IIIT Hyderabad researchers create first ever Indian Brain atlas
Researchers at the IIIT Hyderabad said that the first ever Indian Brain Atlas (IBA) has been created. They stated that the next step is to prepare atlases for different age groups to study age related affects on brain anatomy.
The average brain size of an Indian was smaller in height, width and volume in comparison to people of the Caucasian and eastern races.
The immediate implication of this finding can be seen in treatment outcomes of neurological problems or brain related ailments – like dementia, Alzheimer’s disease, Parkinson’s disease etc.
Medical practitioners depend on Magnetic Resonance Imaging (MRI) scan to decide on the line of treatment. The references they use are the one’s created by the Montreal Neurological Institute (MNI), based on Caucasian brains.
“With the revelations on the Indian brains, the differences in the MRI scans that can emerge by the comparisons (since Indian brains are smaller than Caucasian) can look alarming and lead to misdiagnosis,” said Jayanthi Sivaswamy, leader of the team from the International Institute of Information Technology(IIITH), Hyderabad.
Standard brain atlases
The earliest known brain atlas, the Talairach and Tournoux atlas, was created by manually drawing post-mortem brain sections of a 60-year-old French woman.
It was in 1993 that the MNI and the International Consortium for Brain Mapping (ICBM) created the first digital human brain atlas. More recently, MNI and ICBM have released other brain atlases that are widely used as a standard in neuroscience studies. However, these ‘standard’ brain templates created using Caucasian brains are not ideal to analyze brain differences from other ethnicities, such as the Indian population.
It was to demonstrate these inherent differences that IIITH researchers led by Jayanthi Sivaswamy from the Centre for Visual Information Technology in collaboration with the Department of Imaging Sciences and Interventional Radiology, Sree Chitra Tirunal Institute for Medical Sciences and Technology, Thiruvananthapuram, undertook the construction of the Indian human brain atlas.
On why they undertook the research, Sivaswamy saiid, “I’ve been working on medical imagery for a while now. And we know medical images play a big role in diagnosis. The idea of building our own Indian brain atlas came from a neuro-radiologist at the Sree Chitra Tirunal Institute. He was remarking that it is the MNI template that comes typically loaded in the MRI scanning machines, leaving us bereft of normative information.”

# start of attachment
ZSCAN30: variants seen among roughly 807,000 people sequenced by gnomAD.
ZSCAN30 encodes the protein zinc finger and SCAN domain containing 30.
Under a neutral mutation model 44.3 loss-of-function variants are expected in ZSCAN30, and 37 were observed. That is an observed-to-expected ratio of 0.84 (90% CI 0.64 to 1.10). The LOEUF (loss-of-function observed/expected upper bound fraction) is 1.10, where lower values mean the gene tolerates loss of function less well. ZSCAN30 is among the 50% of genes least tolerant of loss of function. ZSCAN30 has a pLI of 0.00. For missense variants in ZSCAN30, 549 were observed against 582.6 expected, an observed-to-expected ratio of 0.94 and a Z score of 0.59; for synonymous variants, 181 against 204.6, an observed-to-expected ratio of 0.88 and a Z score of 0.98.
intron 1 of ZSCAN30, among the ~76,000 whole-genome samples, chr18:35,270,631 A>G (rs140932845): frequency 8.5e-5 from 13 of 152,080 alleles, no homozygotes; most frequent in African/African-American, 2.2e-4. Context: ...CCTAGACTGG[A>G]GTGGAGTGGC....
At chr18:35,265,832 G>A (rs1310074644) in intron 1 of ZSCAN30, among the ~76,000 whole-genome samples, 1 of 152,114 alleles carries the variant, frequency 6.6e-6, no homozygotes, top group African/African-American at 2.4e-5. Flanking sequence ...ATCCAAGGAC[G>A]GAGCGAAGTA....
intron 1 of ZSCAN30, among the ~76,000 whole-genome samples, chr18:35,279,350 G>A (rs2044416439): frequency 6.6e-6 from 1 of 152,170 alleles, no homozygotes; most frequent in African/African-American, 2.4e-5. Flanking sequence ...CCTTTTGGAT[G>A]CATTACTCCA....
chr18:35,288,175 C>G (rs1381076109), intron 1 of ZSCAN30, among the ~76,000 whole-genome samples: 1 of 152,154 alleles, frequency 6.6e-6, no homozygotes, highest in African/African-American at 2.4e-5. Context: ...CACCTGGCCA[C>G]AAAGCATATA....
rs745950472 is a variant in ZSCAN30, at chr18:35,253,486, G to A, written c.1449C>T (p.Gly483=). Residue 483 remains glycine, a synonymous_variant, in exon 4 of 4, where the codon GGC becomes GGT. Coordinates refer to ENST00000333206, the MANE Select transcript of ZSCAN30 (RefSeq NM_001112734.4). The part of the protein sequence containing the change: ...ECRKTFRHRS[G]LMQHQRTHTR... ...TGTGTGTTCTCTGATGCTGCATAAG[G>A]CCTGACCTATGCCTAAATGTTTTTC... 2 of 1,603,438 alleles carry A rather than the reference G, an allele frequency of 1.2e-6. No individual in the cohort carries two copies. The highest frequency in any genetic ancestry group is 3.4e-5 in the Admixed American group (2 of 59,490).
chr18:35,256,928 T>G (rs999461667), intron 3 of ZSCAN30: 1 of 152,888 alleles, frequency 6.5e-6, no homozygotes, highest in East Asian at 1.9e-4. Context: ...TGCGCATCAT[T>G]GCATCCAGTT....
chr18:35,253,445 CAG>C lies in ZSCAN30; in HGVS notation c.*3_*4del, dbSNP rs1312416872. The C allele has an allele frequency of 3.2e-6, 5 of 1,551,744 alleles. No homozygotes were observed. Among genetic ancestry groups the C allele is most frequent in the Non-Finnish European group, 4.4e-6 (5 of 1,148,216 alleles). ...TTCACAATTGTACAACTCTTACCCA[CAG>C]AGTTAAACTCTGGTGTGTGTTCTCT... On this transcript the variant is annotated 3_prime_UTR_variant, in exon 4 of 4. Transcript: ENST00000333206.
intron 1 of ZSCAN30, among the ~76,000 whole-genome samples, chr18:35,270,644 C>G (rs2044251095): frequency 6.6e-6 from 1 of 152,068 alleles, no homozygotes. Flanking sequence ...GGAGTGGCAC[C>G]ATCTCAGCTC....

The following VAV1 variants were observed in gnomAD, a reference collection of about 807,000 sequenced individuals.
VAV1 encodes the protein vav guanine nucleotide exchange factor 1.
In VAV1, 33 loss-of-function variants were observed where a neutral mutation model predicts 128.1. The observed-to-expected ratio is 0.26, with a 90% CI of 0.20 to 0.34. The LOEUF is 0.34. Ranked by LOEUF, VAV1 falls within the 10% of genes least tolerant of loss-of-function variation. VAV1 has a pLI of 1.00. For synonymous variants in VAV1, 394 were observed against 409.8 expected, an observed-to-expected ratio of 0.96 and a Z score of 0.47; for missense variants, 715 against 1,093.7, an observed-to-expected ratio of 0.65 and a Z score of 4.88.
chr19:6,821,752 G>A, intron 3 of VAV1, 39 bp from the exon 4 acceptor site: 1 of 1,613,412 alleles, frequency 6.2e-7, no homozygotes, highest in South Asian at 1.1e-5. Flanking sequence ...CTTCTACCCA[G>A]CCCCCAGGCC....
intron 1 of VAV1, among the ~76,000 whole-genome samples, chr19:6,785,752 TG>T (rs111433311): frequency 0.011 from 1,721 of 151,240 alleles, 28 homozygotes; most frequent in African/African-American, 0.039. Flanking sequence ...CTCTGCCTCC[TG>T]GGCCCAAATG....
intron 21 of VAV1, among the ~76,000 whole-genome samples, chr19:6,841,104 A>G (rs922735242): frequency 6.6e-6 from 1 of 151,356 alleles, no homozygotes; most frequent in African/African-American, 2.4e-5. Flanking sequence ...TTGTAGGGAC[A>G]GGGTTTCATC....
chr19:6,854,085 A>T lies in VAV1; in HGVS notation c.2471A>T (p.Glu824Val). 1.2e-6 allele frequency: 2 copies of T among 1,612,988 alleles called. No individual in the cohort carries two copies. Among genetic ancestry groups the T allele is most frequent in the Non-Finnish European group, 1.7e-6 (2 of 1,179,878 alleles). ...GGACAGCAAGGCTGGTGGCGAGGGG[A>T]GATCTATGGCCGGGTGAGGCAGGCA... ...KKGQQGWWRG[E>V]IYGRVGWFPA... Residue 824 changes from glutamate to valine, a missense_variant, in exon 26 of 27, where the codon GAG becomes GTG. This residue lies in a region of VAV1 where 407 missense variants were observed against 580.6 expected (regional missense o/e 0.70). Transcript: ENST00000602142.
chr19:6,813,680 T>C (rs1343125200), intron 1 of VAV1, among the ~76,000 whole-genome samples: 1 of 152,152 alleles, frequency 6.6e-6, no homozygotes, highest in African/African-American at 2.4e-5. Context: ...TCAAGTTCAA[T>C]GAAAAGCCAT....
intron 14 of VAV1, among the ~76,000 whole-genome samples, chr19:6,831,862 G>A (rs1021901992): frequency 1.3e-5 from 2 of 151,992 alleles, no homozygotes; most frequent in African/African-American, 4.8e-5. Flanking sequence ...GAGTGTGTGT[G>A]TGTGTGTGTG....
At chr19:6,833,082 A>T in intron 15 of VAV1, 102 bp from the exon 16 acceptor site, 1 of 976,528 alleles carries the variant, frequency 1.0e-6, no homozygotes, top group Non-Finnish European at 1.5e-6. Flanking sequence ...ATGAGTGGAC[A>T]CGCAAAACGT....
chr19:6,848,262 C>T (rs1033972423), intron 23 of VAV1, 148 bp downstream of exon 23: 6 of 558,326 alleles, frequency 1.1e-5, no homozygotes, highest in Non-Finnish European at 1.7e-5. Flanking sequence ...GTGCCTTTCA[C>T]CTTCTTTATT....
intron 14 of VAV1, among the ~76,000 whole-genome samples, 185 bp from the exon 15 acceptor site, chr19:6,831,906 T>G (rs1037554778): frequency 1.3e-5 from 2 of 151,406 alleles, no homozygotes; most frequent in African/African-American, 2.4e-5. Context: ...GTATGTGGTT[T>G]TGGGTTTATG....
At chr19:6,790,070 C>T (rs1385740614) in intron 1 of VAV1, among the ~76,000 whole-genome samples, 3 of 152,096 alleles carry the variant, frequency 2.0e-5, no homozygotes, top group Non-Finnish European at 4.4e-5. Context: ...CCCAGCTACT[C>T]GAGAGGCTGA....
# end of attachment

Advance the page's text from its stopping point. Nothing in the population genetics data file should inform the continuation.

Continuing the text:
MRI images taken are compared with the pre-loaded MNI template to arrive at a diagnosis, and are likely to lead to a misdiagnosis. While even Chinese and Korean brain templates had been constructed, there was no corresponding template constructed for the Indian-specific population, she added.
The first attempt by the IIITH team at creating an Indian-specific brain atlas involved 50 subjects, evenly balanced out across genders. MRI scans of these subjects’ brains were taken at three different hospitals across three different scanners to rule out variations found in scanning machines. Emboldened by the results of the pilot study, the team went on to recruit 100 willing participants in the eventual construction of the Indian Brain Atlas, referred to as IBA 100.
From birth, the brain grows at an alarming rate. But according to most experts, it is around age 20-30, that the brain is said to be fully developed, or ‘mature’. Hence the scans collected were from an equal number of healthy male and female subjects who fell in the age group of 21-30 years, considered as the baseline.
The constructed altas was validated against the other atlases available for various populations. It was found that the Indian brain on average is smaller in height, width, and volume as compared to the western (MNI) as well as the eastern population (Chinese and Korean).
These differences are found even at the structure level, such as in the volume of the hippocampus and so on. But overall, the IBA 100 is more comparable to the Chinese and Korean atlases than the distant Caucasian one (MNI).
Does size matter?
Does having a bigger brain make one more intelligent or smarter? Is there a correlation between having a larger brain size and intelligence?
The common refrain of somebody very intelligent referred to as ‘Big Brain’ notwithstanding, the jury is still out as far as scientists, especially neurologists are concerned on the size of the grey matter.
If brain size is the true measure intelligence then the genius like Albert Einstein, who was reportedly endowed with an average size brain, would not have made such profound discoveries, argue some scientists.
The general notion and understanding now among the scientific community looks like “Having a big brain is somewhat predictive of smartness, but intelligence could possibly depend more on how different parts of the brain communicate with each other and positively react”.
Sivaswamy admits that it is desirable to build a larger atlas with a greater heterogeneous mix of subjects to account for diversity, even in terms of educational qualifications. But currently the team’s focus is to understand the aging process itself.
“There are many changes that take place in a brain due to advancing age, with the most typical one being atrophy or shrinking of structures. In the case of dementia or Alzheimer’s, they are associated with atrophy of the hippocampus,” explains Sivaswamy.
To understand this better PhD student, Alphin Thottupattu is collecting MRI scans to create brain atlases for different age groups, like 20-30, 30-40, 40-50 and 50-60. This will be beneficial to track the brain and see how it ages over time and in the long run understand dementia, Alzheimer’s, Parkinson’s etc.